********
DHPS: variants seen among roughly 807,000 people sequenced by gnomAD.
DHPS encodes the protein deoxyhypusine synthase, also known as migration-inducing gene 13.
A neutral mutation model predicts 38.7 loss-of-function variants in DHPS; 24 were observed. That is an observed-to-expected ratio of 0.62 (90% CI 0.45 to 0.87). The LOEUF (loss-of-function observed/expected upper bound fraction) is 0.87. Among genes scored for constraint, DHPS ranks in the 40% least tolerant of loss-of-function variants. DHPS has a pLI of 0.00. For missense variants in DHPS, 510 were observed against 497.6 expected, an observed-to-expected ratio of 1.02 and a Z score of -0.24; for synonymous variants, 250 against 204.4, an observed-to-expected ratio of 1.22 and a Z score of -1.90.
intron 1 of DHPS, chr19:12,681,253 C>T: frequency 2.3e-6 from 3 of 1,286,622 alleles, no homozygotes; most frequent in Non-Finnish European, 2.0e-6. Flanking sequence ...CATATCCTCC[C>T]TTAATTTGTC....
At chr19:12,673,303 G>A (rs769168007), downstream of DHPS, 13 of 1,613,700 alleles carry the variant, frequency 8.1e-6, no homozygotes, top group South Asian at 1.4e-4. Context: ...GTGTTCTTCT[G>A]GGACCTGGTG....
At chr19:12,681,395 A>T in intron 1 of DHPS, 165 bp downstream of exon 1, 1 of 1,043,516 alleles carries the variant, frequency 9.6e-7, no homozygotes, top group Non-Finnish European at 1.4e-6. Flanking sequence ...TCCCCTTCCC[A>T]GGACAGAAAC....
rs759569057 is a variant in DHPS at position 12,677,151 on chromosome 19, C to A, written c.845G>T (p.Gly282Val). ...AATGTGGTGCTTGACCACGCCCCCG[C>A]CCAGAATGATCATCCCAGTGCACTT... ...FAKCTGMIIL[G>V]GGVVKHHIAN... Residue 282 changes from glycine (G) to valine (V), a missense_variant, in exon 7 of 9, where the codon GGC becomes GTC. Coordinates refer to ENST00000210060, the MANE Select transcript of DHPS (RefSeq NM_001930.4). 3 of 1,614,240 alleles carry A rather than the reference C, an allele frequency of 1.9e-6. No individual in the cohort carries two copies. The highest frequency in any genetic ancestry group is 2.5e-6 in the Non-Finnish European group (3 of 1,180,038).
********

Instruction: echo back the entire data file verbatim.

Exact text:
DHPS: variants seen among roughly 807,000 people sequenced by gnomAD.
DHPS encodes the protein deoxyhypusine synthase, also known as migration-inducing gene 13.
A neutral mutation model predicts 38.7 loss-of-function variants in DHPS; 24 were observed. That is an observed-to-expected ratio of 0.62 (90% CI 0.45 to 0.87). The LOEUF (loss-of-function observed/expected upper bound fraction) is 0.87. Among genes scored for constraint, DHPS ranks in the 40% least tolerant of loss-of-function variants. DHPS has a pLI of 0.00. For missense variants in DHPS, 510 were observed against 497.6 expected, an observed-to-expected ratio of 1.02 and a Z score of -0.24; for synonymous variants, 250 against 204.4, an observed-to-expected ratio of 1.22 and a Z score of -1.90.
intron 1 of DHPS, chr19:12,681,253 C>T: frequency 2.3e-6 from 3 of 1,286,622 alleles, no homozygotes; most frequent in Non-Finnish European, 2.0e-6. Flanking sequence ...CATATCCTCC[C>T]TTAATTTGTC....
At chr19:12,673,303 G>A (rs769168007), downstream of DHPS, 13 of 1,613,700 alleles carry the variant, frequency 8.1e-6, no homozygotes, top group South Asian at 1.4e-4. Context: ...GTGTTCTTCT[G>A]GGACCTGGTG....
At chr19:12,681,395 A>T in intron 1 of DHPS, 165 bp downstream of exon 1, 1 of 1,043,516 alleles carries the variant, frequency 9.6e-7, no homozygotes, top group Non-Finnish European at 1.4e-6. Flanking sequence ...TCCCCTTCCC[A>T]GGACAGAAAC....
rs759569057 is a variant in DHPS at position 12,677,151 on chromosome 19, C to A, written c.845G>T (p.Gly282Val). ...AATGTGGTGCTTGACCACGCCCCCG[C>A]CCAGAATGATCATCCCAGTGCACTT... ...FAKCTGMIIL[G>V]GGVVKHHIAN... Residue 282 changes from glycine (G) to valine (V), a missense_variant, in exon 7 of 9, where the codon GGC becomes GTC. Coordinates refer to ENST00000210060, the MANE Select transcript of DHPS (RefSeq NM_001930.4). 3 of 1,614,240 alleles carry A rather than the reference C, an allele frequency of 1.9e-6. No individual in the cohort carries two copies. The highest frequency in any genetic ancestry group is 2.5e-6 in the Non-Finnish European group (3 of 1,180,038).